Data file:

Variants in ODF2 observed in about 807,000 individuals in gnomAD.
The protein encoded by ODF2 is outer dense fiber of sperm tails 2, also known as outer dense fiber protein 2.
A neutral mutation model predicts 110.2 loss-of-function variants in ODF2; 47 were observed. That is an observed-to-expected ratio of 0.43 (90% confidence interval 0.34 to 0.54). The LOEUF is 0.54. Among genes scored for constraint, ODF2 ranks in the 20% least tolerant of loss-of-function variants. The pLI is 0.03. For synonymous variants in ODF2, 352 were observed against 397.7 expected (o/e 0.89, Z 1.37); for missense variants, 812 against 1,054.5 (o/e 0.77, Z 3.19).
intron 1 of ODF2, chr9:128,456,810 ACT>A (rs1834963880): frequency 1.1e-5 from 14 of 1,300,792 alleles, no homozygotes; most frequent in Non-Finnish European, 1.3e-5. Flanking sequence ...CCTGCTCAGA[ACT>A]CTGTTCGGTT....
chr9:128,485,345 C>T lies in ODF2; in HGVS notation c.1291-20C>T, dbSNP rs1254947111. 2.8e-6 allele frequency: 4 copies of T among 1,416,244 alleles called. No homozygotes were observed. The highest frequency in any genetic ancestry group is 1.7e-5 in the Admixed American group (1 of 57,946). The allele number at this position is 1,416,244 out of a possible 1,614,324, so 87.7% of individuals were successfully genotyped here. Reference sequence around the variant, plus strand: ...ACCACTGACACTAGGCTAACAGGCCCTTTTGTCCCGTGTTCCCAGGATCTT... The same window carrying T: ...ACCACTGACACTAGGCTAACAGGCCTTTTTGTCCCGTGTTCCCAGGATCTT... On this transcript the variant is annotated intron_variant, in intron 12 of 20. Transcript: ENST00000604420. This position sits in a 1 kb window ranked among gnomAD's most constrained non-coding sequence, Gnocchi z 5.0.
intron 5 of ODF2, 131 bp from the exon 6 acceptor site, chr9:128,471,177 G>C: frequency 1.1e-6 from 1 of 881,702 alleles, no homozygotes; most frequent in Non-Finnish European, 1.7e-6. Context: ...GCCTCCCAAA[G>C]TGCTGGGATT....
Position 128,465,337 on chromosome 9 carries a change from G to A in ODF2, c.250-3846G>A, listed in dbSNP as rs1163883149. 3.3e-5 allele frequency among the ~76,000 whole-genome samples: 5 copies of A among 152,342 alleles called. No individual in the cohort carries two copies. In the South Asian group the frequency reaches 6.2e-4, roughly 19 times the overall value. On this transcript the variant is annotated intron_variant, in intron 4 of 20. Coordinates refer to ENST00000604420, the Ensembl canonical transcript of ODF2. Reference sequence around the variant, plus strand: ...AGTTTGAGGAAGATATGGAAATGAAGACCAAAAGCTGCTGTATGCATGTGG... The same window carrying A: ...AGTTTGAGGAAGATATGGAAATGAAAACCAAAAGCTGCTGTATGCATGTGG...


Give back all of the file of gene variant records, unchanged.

Variants in ODF2 observed in about 807,000 individuals in gnomAD.
The protein encoded by ODF2 is outer dense fiber of sperm tails 2, also known as outer dense fiber protein 2.
A neutral mutation model predicts 110.2 loss-of-function variants in ODF2; 47 were observed. That is an observed-to-expected ratio of 0.43 (90% confidence interval 0.34 to 0.54). The LOEUF is 0.54. Among genes scored for constraint, ODF2 ranks in the 20% least tolerant of loss-of-function variants. The pLI is 0.03. For synonymous variants in ODF2, 352 were observed against 397.7 expected (o/e 0.89, Z 1.37); for missense variants, 812 against 1,054.5 (o/e 0.77, Z 3.19).
intron 1 of ODF2, chr9:128,456,810 ACT>A (rs1834963880): frequency 1.1e-5 from 14 of 1,300,792 alleles, no homozygotes; most frequent in Non-Finnish European, 1.3e-5. Flanking sequence ...CCTGCTCAGA[ACT>A]CTGTTCGGTT....
chr9:128,485,345 C>T lies in ODF2; in HGVS notation c.1291-20C>T, dbSNP rs1254947111. 2.8e-6 allele frequency: 4 copies of T among 1,416,244 alleles called. No homozygotes were observed. The highest frequency in any genetic ancestry group is 1.7e-5 in the Admixed American group (1 of 57,946). The allele number at this position is 1,416,244 out of a possible 1,614,324, so 87.7% of individuals were successfully genotyped here. Reference sequence around the variant, plus strand: ...ACCACTGACACTAGGCTAACAGGCCCTTTTGTCCCGTGTTCCCAGGATCTT... The same window carrying T: ...ACCACTGACACTAGGCTAACAGGCCTTTTTGTCCCGTGTTCCCAGGATCTT... On this transcript the variant is annotated intron_variant, in intron 12 of 20. Transcript: ENST00000604420. This position sits in a 1 kb window ranked among gnomAD's most constrained non-coding sequence, Gnocchi z 5.0.
intron 5 of ODF2, 131 bp from the exon 6 acceptor site, chr9:128,471,177 G>C: frequency 1.1e-6 from 1 of 881,702 alleles, no homozygotes; most frequent in Non-Finnish European, 1.7e-6. Context: ...GCCTCCCAAA[G>C]TGCTGGGATT....
Position 128,465,337 on chromosome 9 carries a change from G to A in ODF2, c.250-3846G>A, listed in dbSNP as rs1163883149. 3.3e-5 allele frequency among the ~76,000 whole-genome samples: 5 copies of A among 152,342 alleles called. No individual in the cohort carries two copies. In the South Asian group the frequency reaches 6.2e-4, roughly 19 times the overall value. On this transcript the variant is annotated intron_variant, in intron 4 of 20. Coordinates refer to ENST00000604420, the Ensembl canonical transcript of ODF2. Reference sequence around the variant, plus strand: ...AGTTTGAGGAAGATATGGAAATGAAGACCAAAAGCTGCTGTATGCATGTGG... The same window carrying A: ...AGTTTGAGGAAGATATGGAAATGAAAACCAAAAGCTGCTGTATGCATGTGG...